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I am finally happy with this car.

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  • I am finally happy with this car.

    I bought this Pioneer about 6 months back with the idea of starting to build it up using the current Trans Am proxy rules here on the forum. I bought a 3d chassis and pod, and took some time to put it all together. I was extremely underwhelmed by the performance, it was barely faster than my well tuned stock chassis car I use for our local TA class. The chassis was just too wide in the back and I couldn't get the car to handle well without rubbing either on the inside or the outside of the tire in the back. I am well aware that other have had good luck with this, I let the project sit for a while.

    Then I decided to build a Brass chassis with Slot.it Pod. This was only my second attempt at incorporating a pod on a brass chassis. It certainly makes the build go faster. This version of the car was much better, but still lackluster on lap times.

    The last couple days I really sat down and tried to get it working well. Changed the front axle height slightly and ground the body for sufficient clearance in the front with the body screws loosened up. Installed silicone washers on the pod, and put in a Shark 20k.

    It is very nice to drive on my track now, I am hoping it translates to good laps on some others as well! I sure like the way it looks, and that is probably one of the only reasons it isn't still just sitting on the shelf. That and it is now my most expensive 1/32 car!

    Click image for larger version

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    Click image for larger version

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    Zack


  • #2
    Nicely done Zack. I'm kind of partial to these hybrid chassis myself. I'm currently trying to incorporate a HRS2 guide and axle holder into my 3rd version. I think the problem with the 3D chassis is that it was designed for the Scaley Camaro, which has a significant flare in the rear wheel archs compared to any other Camaro. (any scale)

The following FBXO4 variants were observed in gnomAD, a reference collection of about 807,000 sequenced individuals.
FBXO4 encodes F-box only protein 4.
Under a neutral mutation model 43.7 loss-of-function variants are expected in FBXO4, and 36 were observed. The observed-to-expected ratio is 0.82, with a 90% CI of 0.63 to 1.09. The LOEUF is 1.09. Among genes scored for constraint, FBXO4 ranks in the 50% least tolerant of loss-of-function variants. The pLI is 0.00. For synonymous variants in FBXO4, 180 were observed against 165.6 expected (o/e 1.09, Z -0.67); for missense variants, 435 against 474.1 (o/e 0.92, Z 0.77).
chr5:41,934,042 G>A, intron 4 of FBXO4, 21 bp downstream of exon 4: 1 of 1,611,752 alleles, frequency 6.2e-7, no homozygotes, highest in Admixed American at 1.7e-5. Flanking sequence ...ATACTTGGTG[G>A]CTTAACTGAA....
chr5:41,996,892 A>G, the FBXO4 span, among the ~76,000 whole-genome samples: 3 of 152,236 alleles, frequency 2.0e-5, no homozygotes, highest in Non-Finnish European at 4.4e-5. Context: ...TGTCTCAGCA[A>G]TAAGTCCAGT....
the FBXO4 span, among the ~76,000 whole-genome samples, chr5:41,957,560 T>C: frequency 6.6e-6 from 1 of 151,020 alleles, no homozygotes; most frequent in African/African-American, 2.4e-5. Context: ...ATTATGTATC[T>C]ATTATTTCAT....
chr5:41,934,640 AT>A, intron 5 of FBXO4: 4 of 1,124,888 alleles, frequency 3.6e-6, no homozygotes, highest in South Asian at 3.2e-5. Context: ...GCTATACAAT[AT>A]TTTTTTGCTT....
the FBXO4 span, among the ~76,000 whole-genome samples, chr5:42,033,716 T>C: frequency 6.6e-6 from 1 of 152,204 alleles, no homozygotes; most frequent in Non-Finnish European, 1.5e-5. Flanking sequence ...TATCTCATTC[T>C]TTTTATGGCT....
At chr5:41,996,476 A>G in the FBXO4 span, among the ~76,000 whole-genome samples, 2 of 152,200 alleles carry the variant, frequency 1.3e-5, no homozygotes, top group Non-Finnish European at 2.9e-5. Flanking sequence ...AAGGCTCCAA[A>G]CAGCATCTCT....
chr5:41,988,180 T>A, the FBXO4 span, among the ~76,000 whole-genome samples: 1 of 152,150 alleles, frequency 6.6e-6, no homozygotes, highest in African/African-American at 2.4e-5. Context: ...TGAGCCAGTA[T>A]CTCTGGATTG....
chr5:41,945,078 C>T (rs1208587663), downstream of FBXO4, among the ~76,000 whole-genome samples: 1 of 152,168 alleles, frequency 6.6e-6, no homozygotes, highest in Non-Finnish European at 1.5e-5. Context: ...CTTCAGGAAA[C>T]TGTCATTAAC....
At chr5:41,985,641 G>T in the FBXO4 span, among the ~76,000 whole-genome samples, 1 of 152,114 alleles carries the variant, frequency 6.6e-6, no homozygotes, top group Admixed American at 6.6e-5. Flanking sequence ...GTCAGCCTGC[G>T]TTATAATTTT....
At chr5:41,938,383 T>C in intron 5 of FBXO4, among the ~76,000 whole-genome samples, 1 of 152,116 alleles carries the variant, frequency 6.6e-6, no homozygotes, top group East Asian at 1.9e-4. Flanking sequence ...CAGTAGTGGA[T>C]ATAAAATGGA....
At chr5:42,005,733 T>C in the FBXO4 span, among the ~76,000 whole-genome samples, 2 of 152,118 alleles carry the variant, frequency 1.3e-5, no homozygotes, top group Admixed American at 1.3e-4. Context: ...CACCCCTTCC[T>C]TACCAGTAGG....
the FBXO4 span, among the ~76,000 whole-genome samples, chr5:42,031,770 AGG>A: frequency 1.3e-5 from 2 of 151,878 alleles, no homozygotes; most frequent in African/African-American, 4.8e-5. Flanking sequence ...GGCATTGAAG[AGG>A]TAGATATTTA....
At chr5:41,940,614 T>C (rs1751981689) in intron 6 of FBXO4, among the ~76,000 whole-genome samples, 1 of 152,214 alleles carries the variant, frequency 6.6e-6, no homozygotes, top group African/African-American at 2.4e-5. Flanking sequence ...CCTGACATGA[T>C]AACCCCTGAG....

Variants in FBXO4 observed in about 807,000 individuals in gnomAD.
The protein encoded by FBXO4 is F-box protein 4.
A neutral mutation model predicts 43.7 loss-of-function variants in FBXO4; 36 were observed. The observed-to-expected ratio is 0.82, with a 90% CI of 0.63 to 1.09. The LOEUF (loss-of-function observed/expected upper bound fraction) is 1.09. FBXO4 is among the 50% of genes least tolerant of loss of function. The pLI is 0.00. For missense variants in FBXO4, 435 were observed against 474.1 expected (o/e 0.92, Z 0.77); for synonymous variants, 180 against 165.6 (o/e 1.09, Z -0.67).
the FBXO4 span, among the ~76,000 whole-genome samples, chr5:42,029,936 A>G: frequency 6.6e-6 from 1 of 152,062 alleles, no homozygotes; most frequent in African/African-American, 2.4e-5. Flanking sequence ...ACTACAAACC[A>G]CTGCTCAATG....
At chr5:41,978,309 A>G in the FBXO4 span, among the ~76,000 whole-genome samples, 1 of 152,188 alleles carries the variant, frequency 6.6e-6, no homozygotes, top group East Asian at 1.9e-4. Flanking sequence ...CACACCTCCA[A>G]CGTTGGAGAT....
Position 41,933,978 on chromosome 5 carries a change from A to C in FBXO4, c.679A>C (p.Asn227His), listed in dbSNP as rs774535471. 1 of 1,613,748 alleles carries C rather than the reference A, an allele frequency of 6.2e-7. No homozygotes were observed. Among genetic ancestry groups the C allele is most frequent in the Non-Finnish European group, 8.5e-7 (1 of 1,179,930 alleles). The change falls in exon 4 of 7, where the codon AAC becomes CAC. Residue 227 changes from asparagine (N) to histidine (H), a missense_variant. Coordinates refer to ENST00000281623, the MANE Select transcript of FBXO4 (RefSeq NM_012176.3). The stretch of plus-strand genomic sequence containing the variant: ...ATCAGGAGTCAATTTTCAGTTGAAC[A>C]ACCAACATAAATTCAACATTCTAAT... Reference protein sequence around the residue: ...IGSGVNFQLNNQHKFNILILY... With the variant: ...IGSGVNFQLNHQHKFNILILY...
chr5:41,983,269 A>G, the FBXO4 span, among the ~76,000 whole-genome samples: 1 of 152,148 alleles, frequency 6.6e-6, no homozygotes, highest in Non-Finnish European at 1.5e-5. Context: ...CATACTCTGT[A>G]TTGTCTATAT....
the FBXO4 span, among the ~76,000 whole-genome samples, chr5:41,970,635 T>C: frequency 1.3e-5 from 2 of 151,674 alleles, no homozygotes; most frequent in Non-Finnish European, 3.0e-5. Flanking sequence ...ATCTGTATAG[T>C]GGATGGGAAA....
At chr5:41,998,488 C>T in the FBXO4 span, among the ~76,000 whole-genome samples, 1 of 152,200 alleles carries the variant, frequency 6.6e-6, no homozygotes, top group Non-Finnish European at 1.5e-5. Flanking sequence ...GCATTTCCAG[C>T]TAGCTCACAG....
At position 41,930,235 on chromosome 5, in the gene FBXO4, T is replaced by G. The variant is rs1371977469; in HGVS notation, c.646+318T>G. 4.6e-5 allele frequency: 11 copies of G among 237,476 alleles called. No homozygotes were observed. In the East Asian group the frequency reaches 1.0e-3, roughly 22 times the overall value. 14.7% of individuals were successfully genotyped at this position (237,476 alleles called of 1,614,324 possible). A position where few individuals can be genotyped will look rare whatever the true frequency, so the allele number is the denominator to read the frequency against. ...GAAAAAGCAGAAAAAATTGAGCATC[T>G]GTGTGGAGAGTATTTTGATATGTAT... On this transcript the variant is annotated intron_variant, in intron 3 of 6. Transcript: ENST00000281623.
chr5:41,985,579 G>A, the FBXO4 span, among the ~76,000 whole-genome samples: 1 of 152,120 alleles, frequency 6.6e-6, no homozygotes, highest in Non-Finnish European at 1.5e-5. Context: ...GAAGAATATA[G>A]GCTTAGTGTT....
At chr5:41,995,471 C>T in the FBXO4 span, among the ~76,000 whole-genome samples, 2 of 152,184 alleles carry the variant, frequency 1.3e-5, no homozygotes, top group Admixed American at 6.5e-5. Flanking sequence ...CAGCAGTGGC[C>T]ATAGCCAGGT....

Randy
    Last edited by Dodgefarmer; December 5, 2019, 11:06 AM.

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    • #3
      You need to build a # 70 yellow Mustang to be fast.

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      • #4
        Hi Zack, ...I copied this over from the old forum.........this modification will work on any motor pod, and will save 50thou+ on either side.


        Hi Folks, I recently entered a proxy for Austin Healey "Sprites" (very narrow), and the rules stipulated that the tires had to be fully enclosed (could not be seen from above). I was planning on building a Hybrid chassis, a Slot-it inline center section, with a brass/wire perimeter, and when I did the math, it became apparent that even with the 7mm rear tires/wheels, the bloody thing was just too wide.........at this stage I was too lazy to scratchbuild a narrower back end,.....so,....a few simple mods were made to the pod.

        1/ I removed the "fingers" that hold the typical Slot-it spherical bushings.
        2/ Carefully reamed the holes to 3/16" (the OD. of my single flanged oilites)
        3/ Installed (glued) the oilites with the flanges on the inside of the pod uprights......I have installed lots of bushings with the flanges on the outside,....just depends on how narrow you need to go

        This narrowed the rear end by a good 1/4" inch, and I was good to go. Additionally, the glued in oilites are more precise than standard (non glued) spherical bushings.

        Below is a pic of standard pod compared to a modified one.

        Image resized to 84% of its original size [1069 x 800]


        I am also not concerned that the flanges are on the inside (some may think that this could lead to a punched through bushing in the event of a crash), as on all inlines I place my spacers between the gear and the inside of the rear uprights. The spacers center the gear so it does not run on the motor shaft (reducing friction), and, most importantly (on an inline) ensures that my gear mesh is consistent, and bulletproof. It is pain, and may require several widths of spacers, but, it is well worth the effort.......and, I believe critical for the perils of proxy racing. Most folks use spacers between the outside of the pod and the inside of the wheel, and while this is certainly fine, you are counting on the wheels not moving laterally on the axle (this invariably happens.....a shot on the outside of the wheel can move the wheel "in" binding the rear end,.......or,....normal running will invariably move the wheels out a tad, which also affects your gear mesh.

        Cheers
        Chris Walker

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        • #5
          Thanks for posting this trick here again Chris, I have utilized it many times now and it does wonders!

          Zack

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          • #6
            Looking good Zack: would have been right at home in the TransAm proxy!

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            • #7
              That sir is one good looking Trans Am Camaro!
              Scott

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